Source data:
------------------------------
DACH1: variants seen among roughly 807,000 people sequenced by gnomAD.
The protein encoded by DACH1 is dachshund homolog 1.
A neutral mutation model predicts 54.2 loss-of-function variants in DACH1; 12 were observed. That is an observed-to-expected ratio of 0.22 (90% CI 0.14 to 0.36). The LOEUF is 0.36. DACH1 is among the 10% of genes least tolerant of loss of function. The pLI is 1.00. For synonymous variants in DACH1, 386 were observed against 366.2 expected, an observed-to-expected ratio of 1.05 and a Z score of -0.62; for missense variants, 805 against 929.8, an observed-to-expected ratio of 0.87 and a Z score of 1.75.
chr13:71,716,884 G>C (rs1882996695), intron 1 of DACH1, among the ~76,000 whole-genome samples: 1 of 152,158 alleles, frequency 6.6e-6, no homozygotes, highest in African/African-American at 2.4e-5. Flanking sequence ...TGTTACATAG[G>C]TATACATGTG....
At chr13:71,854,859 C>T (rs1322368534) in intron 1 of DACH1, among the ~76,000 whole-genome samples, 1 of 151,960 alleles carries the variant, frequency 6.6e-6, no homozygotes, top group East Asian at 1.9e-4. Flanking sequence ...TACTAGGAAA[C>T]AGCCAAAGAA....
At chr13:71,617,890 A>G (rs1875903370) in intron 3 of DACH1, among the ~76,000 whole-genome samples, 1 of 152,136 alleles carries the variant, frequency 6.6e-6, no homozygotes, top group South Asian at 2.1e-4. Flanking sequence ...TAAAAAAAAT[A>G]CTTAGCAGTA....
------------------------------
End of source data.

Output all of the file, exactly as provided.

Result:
DACH1: variants seen among roughly 807,000 people sequenced by gnomAD.
The protein encoded by DACH1 is dachshund homolog 1.
A neutral mutation model predicts 54.2 loss-of-function variants in DACH1; 12 were observed. That is an observed-to-expected ratio of 0.22 (90% CI 0.14 to 0.36). The LOEUF is 0.36. DACH1 is among the 10% of genes least tolerant of loss of function. The pLI is 1.00. For synonymous variants in DACH1, 386 were observed against 366.2 expected, an observed-to-expected ratio of 1.05 and a Z score of -0.62; for missense variants, 805 against 929.8, an observed-to-expected ratio of 0.87 and a Z score of 1.75.
chr13:71,716,884 G>C (rs1882996695), intron 1 of DACH1, among the ~76,000 whole-genome samples: 1 of 152,158 alleles, frequency 6.6e-6, no homozygotes, highest in African/African-American at 2.4e-5. Flanking sequence ...TGTTACATAG[G>C]TATACATGTG....
At chr13:71,854,859 C>T (rs1322368534) in intron 1 of DACH1, among the ~76,000 whole-genome samples, 1 of 151,960 alleles carries the variant, frequency 6.6e-6, no homozygotes, top group East Asian at 1.9e-4. Flanking sequence ...TACTAGGAAA[C>T]AGCCAAAGAA....
At chr13:71,617,890 A>G (rs1875903370) in intron 3 of DACH1, among the ~76,000 whole-genome samples, 1 of 152,136 alleles carries the variant, frequency 6.6e-6, no homozygotes, top group South Asian at 2.1e-4. Flanking sequence ...TAAAAAAAAT[A>G]CTTAGCAGTA....